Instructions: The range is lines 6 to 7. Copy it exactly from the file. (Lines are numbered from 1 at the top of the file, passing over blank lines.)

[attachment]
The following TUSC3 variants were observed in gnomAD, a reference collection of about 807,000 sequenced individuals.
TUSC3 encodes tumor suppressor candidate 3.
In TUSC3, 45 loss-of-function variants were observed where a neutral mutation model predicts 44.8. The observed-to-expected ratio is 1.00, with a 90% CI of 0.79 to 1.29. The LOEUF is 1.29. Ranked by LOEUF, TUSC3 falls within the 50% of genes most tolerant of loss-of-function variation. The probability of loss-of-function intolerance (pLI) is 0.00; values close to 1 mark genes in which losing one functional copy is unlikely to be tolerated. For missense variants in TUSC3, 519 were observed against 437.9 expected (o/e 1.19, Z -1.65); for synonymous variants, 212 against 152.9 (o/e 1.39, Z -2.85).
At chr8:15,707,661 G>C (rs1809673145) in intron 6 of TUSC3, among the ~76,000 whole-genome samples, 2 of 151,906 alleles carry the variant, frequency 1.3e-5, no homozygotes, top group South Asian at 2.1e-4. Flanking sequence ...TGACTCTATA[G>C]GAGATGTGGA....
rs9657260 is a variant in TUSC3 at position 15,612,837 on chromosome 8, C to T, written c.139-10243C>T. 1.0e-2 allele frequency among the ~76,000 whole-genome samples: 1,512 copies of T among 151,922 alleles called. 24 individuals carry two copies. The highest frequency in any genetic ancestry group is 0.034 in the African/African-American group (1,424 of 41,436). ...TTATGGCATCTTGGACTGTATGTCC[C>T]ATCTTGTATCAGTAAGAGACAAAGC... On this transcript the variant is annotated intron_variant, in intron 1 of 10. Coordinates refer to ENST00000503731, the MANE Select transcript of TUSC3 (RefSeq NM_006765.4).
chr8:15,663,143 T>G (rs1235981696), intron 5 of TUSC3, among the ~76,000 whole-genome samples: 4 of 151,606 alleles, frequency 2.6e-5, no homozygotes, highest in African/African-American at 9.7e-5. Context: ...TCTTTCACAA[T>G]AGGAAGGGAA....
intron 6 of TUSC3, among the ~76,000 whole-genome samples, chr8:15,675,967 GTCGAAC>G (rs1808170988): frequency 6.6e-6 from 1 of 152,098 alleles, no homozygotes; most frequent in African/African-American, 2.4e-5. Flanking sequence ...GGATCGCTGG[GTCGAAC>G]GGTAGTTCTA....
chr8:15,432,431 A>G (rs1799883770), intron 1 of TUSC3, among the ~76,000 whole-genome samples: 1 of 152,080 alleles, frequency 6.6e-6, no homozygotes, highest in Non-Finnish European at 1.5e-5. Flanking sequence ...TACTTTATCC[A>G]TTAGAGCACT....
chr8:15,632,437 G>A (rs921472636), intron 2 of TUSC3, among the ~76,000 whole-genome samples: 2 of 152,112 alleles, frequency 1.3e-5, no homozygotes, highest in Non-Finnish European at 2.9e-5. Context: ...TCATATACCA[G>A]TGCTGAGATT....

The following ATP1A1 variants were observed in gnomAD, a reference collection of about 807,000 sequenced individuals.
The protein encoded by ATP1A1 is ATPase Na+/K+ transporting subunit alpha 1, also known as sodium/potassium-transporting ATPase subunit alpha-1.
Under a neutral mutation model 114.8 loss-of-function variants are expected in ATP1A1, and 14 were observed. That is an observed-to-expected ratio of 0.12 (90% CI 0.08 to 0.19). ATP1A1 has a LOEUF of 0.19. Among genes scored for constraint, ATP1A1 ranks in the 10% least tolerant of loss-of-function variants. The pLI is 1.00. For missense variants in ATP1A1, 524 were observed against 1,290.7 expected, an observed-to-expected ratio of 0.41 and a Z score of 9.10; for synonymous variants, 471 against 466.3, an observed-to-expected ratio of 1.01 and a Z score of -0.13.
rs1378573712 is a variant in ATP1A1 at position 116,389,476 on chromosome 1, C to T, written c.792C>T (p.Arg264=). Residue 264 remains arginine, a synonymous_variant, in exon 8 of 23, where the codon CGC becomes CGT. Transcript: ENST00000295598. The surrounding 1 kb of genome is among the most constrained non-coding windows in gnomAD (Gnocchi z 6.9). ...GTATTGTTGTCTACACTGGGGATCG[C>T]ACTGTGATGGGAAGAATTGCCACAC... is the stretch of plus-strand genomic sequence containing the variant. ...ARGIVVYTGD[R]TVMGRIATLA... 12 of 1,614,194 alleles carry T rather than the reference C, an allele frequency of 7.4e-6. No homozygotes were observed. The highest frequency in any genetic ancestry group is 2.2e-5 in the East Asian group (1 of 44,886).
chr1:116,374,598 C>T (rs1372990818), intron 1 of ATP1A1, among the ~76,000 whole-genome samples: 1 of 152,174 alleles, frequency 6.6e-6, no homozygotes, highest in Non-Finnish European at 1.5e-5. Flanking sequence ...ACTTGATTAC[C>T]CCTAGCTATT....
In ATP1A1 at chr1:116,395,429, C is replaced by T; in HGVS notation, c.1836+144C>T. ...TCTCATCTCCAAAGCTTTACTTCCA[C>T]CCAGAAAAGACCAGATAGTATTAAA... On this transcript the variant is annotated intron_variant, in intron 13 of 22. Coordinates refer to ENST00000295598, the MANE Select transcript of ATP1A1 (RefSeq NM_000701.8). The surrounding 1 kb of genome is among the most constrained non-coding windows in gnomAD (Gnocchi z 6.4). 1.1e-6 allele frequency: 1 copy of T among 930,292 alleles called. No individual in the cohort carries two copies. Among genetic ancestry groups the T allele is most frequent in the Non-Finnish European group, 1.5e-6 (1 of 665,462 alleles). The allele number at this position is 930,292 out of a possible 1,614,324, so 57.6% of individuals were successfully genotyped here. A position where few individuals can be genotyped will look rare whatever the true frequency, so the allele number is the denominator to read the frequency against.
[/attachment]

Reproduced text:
chr8:15,663,143 T>G (rs1235981696), intron 5 of TUSC3, among the ~76,000 whole-genome samples: 4 of 151,606 alleles, frequency 2.6e-5, no homozygotes, highest in African/African-American at 9.7e-5. Context: ...TCTTTCACAA[T>G]AGGAAGGGAA....
intron 6 of TUSC3, among the ~76,000 whole-genome samples, chr8:15,675,967 GTCGAAC>G (rs1808170988): frequency 6.6e-6 from 1 of 152,098 alleles, no homozygotes; most frequent in African/African-American, 2.4e-5. Flanking sequence ...GGATCGCTGG[GTCGAAC>G]GGTAGTTCTA....